Didcot shown within Oxfordshire
|OS grid reference|
|Sovereign state||United Kingdom|
|EU Parliament||South East England|
|Website||Didcot Town Council|
History and economy [change]
Didcot first appears in historical records in the 13th century as Dudcotte, Berkshire. Parts of the original village still exist in the Lydalls Road area and part of All Saints' Church dates back to the 11th century.
The Great Western Railway, designed by Isambard Kingdom Brunel, reached Didcot in 1839. In 1844 the Didcot railway station was opened. The original station burnt down in the later part of 19th century.
Didcot is junction of the routes to London, Bristol, Oxford and to Southampton. That meant that the town had strategic importance to military logistics, in particular during the First World War campaign on the Western Front and the Second World War preparations for D-Day.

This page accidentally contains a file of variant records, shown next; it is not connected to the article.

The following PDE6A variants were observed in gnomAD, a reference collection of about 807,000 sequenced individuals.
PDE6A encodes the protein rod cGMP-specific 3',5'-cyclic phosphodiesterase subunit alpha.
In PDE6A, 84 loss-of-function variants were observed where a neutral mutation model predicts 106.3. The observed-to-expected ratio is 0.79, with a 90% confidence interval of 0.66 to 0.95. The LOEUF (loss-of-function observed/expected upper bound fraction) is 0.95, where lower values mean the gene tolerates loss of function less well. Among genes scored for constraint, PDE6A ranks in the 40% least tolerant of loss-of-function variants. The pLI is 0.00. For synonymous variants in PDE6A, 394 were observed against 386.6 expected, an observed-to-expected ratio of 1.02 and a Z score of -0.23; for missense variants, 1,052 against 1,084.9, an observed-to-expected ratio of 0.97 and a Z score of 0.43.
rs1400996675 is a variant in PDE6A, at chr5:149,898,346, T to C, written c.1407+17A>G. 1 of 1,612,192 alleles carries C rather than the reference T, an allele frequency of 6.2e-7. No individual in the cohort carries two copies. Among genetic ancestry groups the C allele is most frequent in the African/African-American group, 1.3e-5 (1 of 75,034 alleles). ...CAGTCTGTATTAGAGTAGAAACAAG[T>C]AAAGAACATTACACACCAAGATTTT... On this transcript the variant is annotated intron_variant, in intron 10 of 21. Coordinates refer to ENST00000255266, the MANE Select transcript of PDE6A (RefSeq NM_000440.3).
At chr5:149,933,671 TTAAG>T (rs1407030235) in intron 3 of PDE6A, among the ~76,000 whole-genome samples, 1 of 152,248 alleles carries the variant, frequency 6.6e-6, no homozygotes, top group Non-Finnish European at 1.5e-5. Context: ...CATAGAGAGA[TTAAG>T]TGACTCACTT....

Power stations [change]
The Didcot Power Stations (which are next to each other, and actually in Sutton Courtenay) supply electricity to the National Grid. The power station has also proved a popular man-made object for local photographers.
Further reading [change]
- Lingham, Brian (1979). The Long Years of Obscurity. A History of Didcot, Volume One - to 1841. Didcot: BF Lingham. ISBN 9780950654508.
- Lingham, Brian (1992). Railway Comes to Didcot: A History of the Town (Volume 2) - 1839 to 1918. Didcot: Sutton Publishing Ltd. ISBN 9780750900928.
- Lingham, Brian (2000). A Poor Struggling Little Town: A History of Didcot (Volume 3) - 1918 to 1945. Didcot: Didcot Town Council. ISBN none.
Other websites [change]
- Didcot Twinning Association
- Didcot Railway Centre
- Didcot.com community website
- Didcot First
- Didcot Town FC
- Future Didcot
- Cornerstone arts centre
- The Didcot Herald
- Didcot Choral Society
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